Prophecies by Isaiah, Jeremiah, Ezekiel, Amos, and others about a messianic figure who assists in restoring the house of Israel in preparation for Jehovah’s coming to reign on the earth agree with Jewish expectations of a “Messiah” or “anointed one” (masiah). A biblical precedent or type of this figure is King David: “Then Samuel took the horn of oil, and anointed him in the midst of his brethren, and the Spirit of Jehovah came upon David from that day forward” (1 Samuel 16:13). Isaiah predicts that this figure will release Israel’s captives, lead them in an exodus to Zion, appoint their inheritances, and rebuild their ancient ruins (Isaiah 49:8–12; 61:4).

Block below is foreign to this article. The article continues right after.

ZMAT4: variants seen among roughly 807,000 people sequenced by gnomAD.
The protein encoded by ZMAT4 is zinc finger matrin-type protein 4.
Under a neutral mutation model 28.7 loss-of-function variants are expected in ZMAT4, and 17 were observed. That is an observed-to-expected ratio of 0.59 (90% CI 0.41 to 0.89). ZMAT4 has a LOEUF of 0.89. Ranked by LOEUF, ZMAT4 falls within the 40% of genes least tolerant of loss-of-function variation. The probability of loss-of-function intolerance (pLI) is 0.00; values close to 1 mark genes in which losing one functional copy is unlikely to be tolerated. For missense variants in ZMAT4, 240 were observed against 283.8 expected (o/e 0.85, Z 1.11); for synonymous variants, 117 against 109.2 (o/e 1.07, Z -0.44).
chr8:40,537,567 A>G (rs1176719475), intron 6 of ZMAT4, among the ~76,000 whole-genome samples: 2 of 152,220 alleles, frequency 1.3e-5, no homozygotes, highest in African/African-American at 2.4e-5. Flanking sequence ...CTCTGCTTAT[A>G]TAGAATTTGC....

Fulfilling Christian messianic expectations is Jehovah God of Israel. The key prophecy of Isaiah 53:1–10—of one who takes his people’s transgressions on himself in order to obtain their “peace” and “healing”—Jehovah himself fulfills. We know this from Isaiah’s structure that juxtaposes the King of Babylon in Isaiah 14 with Jehovah, the King of Zion, in Isaiah 52–53 in twenty-one parallel verses that characterize the King of Babylon as the opposite of the King of Zion. As “peace” and “healing” are synonyms of salvation (Isaiah 6:10; 52:7), Jesus’ fulfilling the prophecy of Isaiah 53:1–10 identifies him not only as Jehovah God of Israel but as its Messiah.